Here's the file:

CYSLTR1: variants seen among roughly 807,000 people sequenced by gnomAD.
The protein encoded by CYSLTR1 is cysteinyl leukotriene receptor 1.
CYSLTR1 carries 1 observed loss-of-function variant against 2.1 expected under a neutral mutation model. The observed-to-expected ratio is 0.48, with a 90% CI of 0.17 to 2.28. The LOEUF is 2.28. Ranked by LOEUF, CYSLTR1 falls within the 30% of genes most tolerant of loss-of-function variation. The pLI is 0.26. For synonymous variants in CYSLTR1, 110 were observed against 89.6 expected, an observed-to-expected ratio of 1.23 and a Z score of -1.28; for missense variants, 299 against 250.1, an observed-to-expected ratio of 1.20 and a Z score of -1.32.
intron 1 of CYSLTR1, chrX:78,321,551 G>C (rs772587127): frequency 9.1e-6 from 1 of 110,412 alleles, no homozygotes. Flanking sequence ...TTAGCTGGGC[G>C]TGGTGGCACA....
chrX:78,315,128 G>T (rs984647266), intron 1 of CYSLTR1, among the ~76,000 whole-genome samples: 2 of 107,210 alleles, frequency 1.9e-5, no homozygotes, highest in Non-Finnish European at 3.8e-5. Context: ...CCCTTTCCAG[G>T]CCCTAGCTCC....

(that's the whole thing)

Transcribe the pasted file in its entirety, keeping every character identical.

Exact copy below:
CYSLTR1: variants seen among roughly 807,000 people sequenced by gnomAD.
The protein encoded by CYSLTR1 is cysteinyl leukotriene receptor 1.
CYSLTR1 carries 1 observed loss-of-function variant against 2.1 expected under a neutral mutation model. The observed-to-expected ratio is 0.48, with a 90% CI of 0.17 to 2.28. The LOEUF is 2.28. Ranked by LOEUF, CYSLTR1 falls within the 30% of genes most tolerant of loss-of-function variation. The pLI is 0.26. For synonymous variants in CYSLTR1, 110 were observed against 89.6 expected, an observed-to-expected ratio of 1.23 and a Z score of -1.28; for missense variants, 299 against 250.1, an observed-to-expected ratio of 1.20 and a Z score of -1.32.
intron 1 of CYSLTR1, chrX:78,321,551 G>C (rs772587127): frequency 9.1e-6 from 1 of 110,412 alleles, no homozygotes. Flanking sequence ...TTAGCTGGGC[G>C]TGGTGGCACA....
chrX:78,315,128 G>T (rs984647266), intron 1 of CYSLTR1, among the ~76,000 whole-genome samples: 2 of 107,210 alleles, frequency 1.9e-5, no homozygotes, highest in Non-Finnish European at 3.8e-5. Context: ...CCCTTTCCAG[G>T]CCCTAGCTCC....